The first meeting will set the groundwork followed by the second meeting serving as a workshop and the third and final meeting to complete the vision planning process.
“We will start by talking about the good things that Our Town Foundation has done and the good things that have happened in the community. I’m also going to talk about some of the development that’s going to be happening around the community that will definitely impact the community and how do we want to react to that,” said Keiffer.
Keiffer said he enjoys brainstorming and generating ideas to improve something. In the past, he facilitated strategic plans for several different school districts. He retired as Hamburg superintendent June 30, 2015, and was asked to be president of OTF the following week.
“I am very pleased that he accepted,” said Kershner, noting that Keiffer has brought to OTF his knowledge of the business community, his leadership roles and his knowledge of local economic development.
“I’m very interested in the economic development in the area,” said Keiffer. “We’ve had a lot of developments, mostly around the Cabela’s area ,but there are other projects that are on the books right now that could have a very positive impact, not only financially for the school districts and municipalities but also jobs.”
Keiffer named a few projects slated for the local area. Key Development Group of West Chester is planning the Hamburg Logistics Park in Perry Township. King Development Group purchased two farms north of Perry Golf Course, planning to subdivide for commercial development. Also, there will be a new car dealer, Manderbach Ford, at the Grand Street Extension in Hamburg Borough, as well as a new convenience store called Rutter’s Farm Store.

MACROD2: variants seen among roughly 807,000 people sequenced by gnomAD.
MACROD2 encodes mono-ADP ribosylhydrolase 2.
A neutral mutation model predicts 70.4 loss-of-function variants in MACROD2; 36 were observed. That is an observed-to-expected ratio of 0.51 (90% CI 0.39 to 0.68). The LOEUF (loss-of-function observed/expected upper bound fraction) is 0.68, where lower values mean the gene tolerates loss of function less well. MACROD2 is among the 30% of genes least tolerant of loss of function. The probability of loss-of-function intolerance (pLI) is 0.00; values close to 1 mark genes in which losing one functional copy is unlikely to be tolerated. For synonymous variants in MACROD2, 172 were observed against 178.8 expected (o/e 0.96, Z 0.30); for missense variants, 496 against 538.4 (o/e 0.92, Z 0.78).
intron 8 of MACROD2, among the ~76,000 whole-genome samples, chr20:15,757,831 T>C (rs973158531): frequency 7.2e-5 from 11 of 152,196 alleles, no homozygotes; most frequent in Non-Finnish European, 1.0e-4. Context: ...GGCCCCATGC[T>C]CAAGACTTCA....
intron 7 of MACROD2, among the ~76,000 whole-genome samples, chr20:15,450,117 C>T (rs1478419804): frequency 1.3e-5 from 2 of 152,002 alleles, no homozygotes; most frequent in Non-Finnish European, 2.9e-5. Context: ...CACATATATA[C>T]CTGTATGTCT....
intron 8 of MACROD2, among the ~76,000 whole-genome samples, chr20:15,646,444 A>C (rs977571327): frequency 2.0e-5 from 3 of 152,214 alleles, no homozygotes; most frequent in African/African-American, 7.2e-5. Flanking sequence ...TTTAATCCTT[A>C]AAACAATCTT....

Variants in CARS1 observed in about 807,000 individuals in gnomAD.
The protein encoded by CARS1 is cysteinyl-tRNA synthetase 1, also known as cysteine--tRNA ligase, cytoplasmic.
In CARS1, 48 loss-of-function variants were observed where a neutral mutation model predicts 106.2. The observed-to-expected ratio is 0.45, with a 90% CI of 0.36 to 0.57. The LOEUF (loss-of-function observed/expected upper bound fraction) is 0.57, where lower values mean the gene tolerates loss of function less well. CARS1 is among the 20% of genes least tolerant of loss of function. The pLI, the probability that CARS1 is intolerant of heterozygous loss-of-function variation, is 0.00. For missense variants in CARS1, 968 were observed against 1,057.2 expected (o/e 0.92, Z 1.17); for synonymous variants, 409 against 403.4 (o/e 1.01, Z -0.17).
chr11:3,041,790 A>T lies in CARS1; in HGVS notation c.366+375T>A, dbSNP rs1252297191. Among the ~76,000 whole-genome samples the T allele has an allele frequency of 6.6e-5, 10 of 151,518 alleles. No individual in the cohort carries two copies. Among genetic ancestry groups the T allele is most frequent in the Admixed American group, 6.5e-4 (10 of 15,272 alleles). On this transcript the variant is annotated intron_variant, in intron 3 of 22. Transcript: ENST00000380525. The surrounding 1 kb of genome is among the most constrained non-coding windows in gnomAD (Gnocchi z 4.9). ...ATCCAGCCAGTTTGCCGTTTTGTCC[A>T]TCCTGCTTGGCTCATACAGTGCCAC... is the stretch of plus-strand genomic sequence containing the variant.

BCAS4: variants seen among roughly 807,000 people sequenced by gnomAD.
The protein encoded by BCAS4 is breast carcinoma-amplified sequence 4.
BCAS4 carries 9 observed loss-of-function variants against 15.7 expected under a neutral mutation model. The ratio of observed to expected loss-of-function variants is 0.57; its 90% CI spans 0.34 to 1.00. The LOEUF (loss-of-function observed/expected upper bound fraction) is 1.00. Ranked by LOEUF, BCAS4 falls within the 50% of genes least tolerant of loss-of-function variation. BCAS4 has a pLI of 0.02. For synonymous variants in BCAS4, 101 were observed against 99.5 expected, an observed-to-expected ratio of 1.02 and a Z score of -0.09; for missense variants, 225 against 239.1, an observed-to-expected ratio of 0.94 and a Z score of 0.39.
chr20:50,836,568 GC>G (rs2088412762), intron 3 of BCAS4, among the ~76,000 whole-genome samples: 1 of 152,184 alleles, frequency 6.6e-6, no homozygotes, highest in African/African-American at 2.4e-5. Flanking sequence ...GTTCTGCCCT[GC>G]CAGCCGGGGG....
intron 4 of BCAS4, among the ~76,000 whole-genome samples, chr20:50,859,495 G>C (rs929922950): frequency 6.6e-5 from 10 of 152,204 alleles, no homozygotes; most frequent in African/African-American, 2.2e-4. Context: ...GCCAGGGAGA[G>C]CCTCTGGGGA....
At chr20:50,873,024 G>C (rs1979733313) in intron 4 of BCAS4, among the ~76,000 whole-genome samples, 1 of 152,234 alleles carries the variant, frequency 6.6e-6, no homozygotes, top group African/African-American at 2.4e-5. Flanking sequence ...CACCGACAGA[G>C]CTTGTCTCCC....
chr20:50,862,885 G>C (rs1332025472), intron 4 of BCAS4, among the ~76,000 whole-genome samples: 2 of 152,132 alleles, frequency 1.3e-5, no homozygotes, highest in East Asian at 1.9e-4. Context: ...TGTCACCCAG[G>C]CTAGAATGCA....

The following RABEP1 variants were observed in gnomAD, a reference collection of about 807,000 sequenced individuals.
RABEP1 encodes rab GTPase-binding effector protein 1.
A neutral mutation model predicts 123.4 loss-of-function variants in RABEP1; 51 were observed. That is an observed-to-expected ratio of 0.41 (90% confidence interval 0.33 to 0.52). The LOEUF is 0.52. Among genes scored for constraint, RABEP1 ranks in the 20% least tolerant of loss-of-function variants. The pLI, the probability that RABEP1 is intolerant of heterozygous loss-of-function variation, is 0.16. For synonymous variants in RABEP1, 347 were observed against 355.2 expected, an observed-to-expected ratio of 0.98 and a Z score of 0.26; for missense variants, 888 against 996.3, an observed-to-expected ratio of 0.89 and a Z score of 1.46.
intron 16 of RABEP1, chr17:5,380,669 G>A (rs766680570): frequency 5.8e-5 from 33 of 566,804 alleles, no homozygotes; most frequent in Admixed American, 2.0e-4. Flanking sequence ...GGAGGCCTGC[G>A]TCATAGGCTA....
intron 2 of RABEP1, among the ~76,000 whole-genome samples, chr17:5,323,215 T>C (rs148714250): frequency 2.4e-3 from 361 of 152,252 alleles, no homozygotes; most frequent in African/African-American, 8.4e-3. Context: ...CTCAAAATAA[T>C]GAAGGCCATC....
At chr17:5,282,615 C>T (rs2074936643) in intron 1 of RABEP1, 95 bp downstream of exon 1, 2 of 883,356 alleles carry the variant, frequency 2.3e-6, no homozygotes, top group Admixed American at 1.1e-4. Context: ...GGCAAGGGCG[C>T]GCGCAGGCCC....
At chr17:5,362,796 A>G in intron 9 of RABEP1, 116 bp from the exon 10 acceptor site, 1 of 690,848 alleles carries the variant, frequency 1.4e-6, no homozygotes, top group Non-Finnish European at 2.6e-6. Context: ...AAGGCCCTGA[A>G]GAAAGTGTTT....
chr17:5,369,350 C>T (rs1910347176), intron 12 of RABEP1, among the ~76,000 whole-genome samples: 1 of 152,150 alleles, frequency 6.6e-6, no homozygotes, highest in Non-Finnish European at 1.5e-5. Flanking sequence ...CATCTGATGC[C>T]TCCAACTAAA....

“There’s certainly more room for development in the borough,” said Keiffer.
Kershner noted that one of the things OTF has been trying to facilitate is improving their relations with the Reading Railroad Heritage Museum and how OTF can assist the museum bring in more tourists and attract them to the downtown.
“That’s going to be part of our visioning,” said Keiffer. “What do we want our downtown to look like? Do we want more people downtown shopping; if so, how are we going to get them there?”
Kershner said so much has occurred over the past 10 to 15 years just with the fact that Cabela’s opened in Tilden Township.
“We now have that whole commercial area over in Tilden Township and that has really influenced the downtown, some positive, some negative. If you just look back 10 to 12 years ago, the whole community has changed. That’s why we’re saying change happens, we just want to push it in the right direction if we can,” said Kershner.
“For a long time I think people looked at Cabela’s and the development there as a negative,” said Keiffer. “I think we need to look at it as a positive and make them partners of what we’re trying to do here. The biggest impact that has on us is that brings millions of people within a mile of our community and one of our tasks I believe is to figure out how to get those millions of people to come to our downtown.”
Anyone who would like to attend the vision planning meetings should reserve their space by calling 610-562-3106 or by emailing firstname.lastname@example.org no later than Friday, Jan. 22.